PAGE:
Sub-Saharan Africa 'most corrupt in the world'


The global average score of the Corruption Perceptions Index ( CDI ) 2017 by Transparency International was just 43 and 69 per cent of all countries scored less than 50, with 100 being the best possible score.

Other countries in the region are placed as follows: Georgia 46th, Turkey - 81, Azerbaijan 122, Iran - 130.

While New Zealand was ranked in the top spot, its score has dropped compared to previous years.

It is CISLAC's view that the negative perception is mainly a outcome of the inability to combat grand corruption and astronomical plundering of public coffers costing the Nigerian tax payers around 25% of annual GDP. In the last six years, 15 journalists working on corruption stories in these countries were murdered, as reported by the Committee to Protect Journalists (CPJ).

The index ranked countries and territories by evaluating their perceived levels of corruption in the public sector according to experts and business class.

The country's latest index score is 34. Just past year, Yameen Rasheed, an outspoken critic of the Maldives government was murdered for his efforts to uncover the truth about the disappearance of journalist Ahmed Rilwan.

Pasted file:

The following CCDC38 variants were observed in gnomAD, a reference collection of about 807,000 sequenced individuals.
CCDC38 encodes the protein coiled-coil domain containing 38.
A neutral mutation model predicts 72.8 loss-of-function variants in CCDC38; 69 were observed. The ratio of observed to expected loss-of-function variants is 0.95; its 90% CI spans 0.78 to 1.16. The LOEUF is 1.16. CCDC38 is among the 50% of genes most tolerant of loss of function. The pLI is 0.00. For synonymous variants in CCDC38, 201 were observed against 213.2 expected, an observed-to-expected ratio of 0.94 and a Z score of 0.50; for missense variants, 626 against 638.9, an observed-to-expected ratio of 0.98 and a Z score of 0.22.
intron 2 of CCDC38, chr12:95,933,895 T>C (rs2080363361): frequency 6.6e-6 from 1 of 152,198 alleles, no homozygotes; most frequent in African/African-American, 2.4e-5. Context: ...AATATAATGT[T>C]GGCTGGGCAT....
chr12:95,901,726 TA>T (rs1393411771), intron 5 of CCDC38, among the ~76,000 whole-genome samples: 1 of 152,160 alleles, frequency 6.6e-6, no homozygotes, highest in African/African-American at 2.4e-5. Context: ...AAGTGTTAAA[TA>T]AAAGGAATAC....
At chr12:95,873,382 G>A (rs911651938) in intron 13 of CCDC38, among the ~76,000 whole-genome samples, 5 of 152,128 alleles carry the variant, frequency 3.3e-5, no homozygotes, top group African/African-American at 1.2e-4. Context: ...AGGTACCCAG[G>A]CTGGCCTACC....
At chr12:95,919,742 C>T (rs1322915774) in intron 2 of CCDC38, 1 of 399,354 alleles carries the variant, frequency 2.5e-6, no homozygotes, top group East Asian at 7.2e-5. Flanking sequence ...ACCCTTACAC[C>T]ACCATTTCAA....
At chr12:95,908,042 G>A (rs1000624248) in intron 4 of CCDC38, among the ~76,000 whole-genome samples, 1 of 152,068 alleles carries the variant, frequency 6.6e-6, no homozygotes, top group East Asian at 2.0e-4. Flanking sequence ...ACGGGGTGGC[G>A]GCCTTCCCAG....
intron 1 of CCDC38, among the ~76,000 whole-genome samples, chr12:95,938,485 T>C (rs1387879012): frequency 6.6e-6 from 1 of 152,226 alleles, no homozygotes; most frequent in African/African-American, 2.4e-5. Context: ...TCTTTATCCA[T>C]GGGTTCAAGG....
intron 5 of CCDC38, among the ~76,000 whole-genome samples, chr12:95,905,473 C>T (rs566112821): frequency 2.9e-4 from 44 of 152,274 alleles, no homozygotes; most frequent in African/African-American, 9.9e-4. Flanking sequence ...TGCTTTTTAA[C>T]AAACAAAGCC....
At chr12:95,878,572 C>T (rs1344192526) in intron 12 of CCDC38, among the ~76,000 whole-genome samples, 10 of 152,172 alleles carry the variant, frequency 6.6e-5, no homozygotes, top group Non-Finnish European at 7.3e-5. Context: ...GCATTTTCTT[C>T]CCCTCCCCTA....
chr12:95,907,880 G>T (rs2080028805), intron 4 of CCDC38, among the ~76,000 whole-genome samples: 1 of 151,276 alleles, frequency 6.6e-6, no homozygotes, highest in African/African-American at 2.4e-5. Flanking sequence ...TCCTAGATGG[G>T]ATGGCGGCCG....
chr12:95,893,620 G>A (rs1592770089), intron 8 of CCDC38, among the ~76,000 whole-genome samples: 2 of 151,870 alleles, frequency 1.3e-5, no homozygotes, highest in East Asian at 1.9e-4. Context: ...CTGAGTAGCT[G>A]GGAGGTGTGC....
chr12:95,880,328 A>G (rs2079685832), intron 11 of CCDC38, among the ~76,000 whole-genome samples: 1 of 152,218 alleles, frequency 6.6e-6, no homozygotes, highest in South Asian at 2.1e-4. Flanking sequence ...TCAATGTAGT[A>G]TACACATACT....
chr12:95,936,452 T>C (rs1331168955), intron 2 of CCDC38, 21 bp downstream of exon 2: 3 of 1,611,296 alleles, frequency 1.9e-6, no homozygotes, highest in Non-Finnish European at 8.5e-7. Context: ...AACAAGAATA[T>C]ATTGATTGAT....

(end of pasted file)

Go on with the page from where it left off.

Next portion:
More news: Iran Threatens to Flatten Tel Aviv and Kill Netanyahu if Israel Attacks
More news: Wendy Williams takes break from talk show to rest
More news: Abbas, Haley spar over Israel at Security Council meeting

Transparency International (TI) has found that a majority of countries in the world can be called corrupt, with a clear link between high levels of corruption and little protection of the media and civil society groups. The Corruption Perception Index 2017 has termed India as the worst offenders in the Asia-Pacific region. Governments should ensure that activists can speak freely throughout the region without fear of retaliation. As could be clearly seen, every week throughout 2017 there were arrests and action taken against the corrupt. In addition, global donors should consider press freedom relevant to development aid or access to worldwide organisations.

Lebanon, for example, made small strides in 2017 with the passage of the "Access to Information Law".

Executive director of Transparency International Bangladesh (TIB) Iftekharuzzaman unveiled the annual CPI at a press conference in the city on Thursday.

Governments and businesses should proactively disclose relevant public interest information in open data formats.

Although the administration has put many suspects on trial and seized assets of politicians and government officials, it has also been accused of condoning corrupt practices by top government officials.